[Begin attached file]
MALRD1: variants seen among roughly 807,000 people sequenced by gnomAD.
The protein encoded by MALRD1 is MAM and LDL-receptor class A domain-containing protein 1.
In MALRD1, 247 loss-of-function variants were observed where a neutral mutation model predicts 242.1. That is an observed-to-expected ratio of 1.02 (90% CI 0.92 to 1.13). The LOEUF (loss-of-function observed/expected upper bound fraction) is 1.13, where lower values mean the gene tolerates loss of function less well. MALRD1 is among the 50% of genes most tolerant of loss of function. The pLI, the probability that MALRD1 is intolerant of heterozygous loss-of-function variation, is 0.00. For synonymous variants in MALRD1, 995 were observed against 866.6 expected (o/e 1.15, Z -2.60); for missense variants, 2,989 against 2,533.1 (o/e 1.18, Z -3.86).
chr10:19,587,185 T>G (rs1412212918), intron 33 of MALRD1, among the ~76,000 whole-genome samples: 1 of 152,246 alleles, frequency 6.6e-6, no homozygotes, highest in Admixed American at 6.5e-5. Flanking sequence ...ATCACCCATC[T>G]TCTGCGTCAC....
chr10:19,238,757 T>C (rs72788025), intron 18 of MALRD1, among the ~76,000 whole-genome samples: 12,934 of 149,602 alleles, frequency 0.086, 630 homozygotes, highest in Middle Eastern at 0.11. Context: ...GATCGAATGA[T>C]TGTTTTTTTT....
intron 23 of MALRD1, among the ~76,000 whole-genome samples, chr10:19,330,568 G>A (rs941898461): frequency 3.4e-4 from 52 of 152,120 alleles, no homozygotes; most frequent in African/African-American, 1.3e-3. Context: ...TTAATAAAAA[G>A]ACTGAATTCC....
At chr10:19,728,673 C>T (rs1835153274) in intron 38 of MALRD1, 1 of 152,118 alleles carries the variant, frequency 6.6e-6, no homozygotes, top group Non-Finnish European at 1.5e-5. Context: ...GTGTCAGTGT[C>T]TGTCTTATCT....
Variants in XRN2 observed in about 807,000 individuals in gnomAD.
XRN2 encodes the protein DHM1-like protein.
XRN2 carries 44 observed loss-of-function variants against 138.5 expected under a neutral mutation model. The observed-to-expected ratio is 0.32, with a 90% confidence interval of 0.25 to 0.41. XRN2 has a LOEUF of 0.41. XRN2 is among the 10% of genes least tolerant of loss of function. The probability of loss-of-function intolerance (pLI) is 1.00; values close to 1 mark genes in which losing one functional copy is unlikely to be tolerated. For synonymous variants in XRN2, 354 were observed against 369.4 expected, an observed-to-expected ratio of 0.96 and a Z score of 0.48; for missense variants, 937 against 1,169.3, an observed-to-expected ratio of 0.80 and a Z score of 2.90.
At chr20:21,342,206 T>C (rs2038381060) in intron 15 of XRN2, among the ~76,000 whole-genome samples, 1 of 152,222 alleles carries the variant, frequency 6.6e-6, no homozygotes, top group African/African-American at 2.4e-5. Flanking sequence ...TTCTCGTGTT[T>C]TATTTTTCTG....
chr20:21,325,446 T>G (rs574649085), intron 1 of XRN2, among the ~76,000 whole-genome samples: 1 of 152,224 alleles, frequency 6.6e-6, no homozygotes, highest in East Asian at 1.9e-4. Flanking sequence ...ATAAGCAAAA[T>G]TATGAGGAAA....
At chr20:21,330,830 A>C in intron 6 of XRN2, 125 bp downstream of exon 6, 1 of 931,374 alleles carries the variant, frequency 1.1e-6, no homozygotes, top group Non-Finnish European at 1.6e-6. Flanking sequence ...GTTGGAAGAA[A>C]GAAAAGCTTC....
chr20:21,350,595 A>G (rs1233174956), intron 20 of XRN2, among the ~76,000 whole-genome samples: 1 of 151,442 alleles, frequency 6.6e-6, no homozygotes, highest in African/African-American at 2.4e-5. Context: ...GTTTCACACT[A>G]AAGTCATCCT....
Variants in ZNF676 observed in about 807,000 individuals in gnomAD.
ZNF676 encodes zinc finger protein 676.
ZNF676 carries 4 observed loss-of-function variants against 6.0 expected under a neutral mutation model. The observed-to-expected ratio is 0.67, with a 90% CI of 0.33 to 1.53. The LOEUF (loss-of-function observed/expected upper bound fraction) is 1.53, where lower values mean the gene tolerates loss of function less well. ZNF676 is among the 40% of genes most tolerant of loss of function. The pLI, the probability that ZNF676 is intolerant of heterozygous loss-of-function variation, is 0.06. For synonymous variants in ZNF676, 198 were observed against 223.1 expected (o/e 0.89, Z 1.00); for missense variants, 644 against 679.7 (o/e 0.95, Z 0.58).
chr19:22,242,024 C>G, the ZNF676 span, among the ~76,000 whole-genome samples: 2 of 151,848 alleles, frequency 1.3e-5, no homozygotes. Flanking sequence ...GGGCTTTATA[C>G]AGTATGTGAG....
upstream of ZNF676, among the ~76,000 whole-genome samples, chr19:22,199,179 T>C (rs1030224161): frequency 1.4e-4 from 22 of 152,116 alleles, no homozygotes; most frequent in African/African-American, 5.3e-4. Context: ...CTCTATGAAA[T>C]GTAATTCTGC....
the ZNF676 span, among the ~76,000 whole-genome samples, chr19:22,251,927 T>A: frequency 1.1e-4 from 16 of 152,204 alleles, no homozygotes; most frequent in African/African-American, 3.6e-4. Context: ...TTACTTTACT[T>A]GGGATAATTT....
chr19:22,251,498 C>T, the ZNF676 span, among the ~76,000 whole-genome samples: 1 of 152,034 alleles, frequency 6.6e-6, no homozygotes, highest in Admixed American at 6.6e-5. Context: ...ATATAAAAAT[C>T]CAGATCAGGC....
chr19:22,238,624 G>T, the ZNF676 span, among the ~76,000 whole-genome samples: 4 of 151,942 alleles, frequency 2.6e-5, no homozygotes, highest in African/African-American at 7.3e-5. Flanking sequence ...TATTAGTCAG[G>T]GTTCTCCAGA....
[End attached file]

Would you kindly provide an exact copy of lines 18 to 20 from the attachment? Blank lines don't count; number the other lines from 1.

chr19:22,242,024 C>G, the ZNF676 span, among the ~76,000 whole-genome samples: 2 of 151,848 alleles, frequency 1.3e-5, no homozygotes. Flanking sequence ...GGGCTTTATA[C>G]AGTATGTGAG....
upstream of ZNF676, among the ~76,000 whole-genome samples, chr19:22,199,179 T>C (rs1030224161): frequency 1.4e-4 from 22 of 152,116 alleles, no homozygotes; most frequent in African/African-American, 5.3e-4. Context: ...CTCTATGAAA[T>C]GTAATTCTGC....
the ZNF676 span, among the ~76,000 whole-genome samples, chr19:22,251,927 T>A: frequency 1.1e-4 from 16 of 152,204 alleles, no homozygotes; most frequent in African/African-American, 3.6e-4. Context: ...TTACTTTACT[T>A]GGGATAATTT....